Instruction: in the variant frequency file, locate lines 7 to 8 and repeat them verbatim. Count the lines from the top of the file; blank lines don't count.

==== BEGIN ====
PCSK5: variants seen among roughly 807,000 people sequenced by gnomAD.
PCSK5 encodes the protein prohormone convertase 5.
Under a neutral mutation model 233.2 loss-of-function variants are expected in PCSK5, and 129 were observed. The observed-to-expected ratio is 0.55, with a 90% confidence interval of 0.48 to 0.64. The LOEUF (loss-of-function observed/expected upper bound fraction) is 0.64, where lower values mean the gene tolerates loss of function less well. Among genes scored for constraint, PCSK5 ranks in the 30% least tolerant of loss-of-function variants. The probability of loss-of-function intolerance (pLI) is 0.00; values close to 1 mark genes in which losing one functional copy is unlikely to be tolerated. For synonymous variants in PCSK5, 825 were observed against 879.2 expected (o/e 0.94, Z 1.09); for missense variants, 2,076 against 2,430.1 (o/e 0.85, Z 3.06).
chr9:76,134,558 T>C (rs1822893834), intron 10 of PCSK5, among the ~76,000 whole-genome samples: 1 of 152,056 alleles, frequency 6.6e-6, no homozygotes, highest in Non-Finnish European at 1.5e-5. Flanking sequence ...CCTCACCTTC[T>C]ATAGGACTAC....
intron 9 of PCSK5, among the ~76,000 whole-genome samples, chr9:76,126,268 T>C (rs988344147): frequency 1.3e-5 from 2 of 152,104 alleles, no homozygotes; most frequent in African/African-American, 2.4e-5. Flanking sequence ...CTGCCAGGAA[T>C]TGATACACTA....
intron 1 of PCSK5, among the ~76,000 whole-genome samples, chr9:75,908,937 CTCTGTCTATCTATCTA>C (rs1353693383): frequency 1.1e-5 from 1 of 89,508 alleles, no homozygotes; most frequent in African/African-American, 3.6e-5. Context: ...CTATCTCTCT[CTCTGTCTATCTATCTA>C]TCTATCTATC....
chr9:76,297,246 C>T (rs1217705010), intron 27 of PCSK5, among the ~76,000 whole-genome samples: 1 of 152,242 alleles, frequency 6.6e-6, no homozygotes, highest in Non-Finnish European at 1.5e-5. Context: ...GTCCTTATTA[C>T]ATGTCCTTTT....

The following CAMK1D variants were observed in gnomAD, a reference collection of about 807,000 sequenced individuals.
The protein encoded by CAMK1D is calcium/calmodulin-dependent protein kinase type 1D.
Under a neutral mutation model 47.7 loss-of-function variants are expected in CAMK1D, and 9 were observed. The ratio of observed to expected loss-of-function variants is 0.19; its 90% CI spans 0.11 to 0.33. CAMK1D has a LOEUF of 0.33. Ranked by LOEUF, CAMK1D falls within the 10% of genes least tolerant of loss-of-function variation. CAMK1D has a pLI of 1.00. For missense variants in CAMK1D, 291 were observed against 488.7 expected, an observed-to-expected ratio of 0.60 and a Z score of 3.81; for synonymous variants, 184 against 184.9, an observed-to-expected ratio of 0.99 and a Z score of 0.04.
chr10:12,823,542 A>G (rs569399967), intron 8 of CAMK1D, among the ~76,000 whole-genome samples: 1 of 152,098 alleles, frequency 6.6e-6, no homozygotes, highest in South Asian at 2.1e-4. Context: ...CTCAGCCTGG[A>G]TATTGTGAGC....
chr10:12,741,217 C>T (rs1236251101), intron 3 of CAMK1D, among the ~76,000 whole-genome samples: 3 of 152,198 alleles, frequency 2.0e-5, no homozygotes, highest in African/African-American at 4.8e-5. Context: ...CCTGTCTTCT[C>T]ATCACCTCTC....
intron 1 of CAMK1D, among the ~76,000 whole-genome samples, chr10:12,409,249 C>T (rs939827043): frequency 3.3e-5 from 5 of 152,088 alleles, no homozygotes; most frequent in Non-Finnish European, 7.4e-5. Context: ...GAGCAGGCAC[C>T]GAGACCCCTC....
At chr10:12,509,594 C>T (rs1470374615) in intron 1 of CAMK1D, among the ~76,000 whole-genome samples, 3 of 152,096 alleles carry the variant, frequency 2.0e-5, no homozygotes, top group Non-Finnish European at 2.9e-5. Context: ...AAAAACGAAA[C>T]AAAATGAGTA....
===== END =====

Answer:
chr9:76,297,246 C>T (rs1217705010), intron 27 of PCSK5, among the ~76,000 whole-genome samples: 1 of 152,242 alleles, frequency 6.6e-6, no homozygotes, highest in Non-Finnish European at 1.5e-5. Context: ...GTCCTTATTA[C>T]ATGTCCTTTT....

The following CAMK1D variants were observed in gnomAD, a reference collection of about 807,000 sequenced individuals.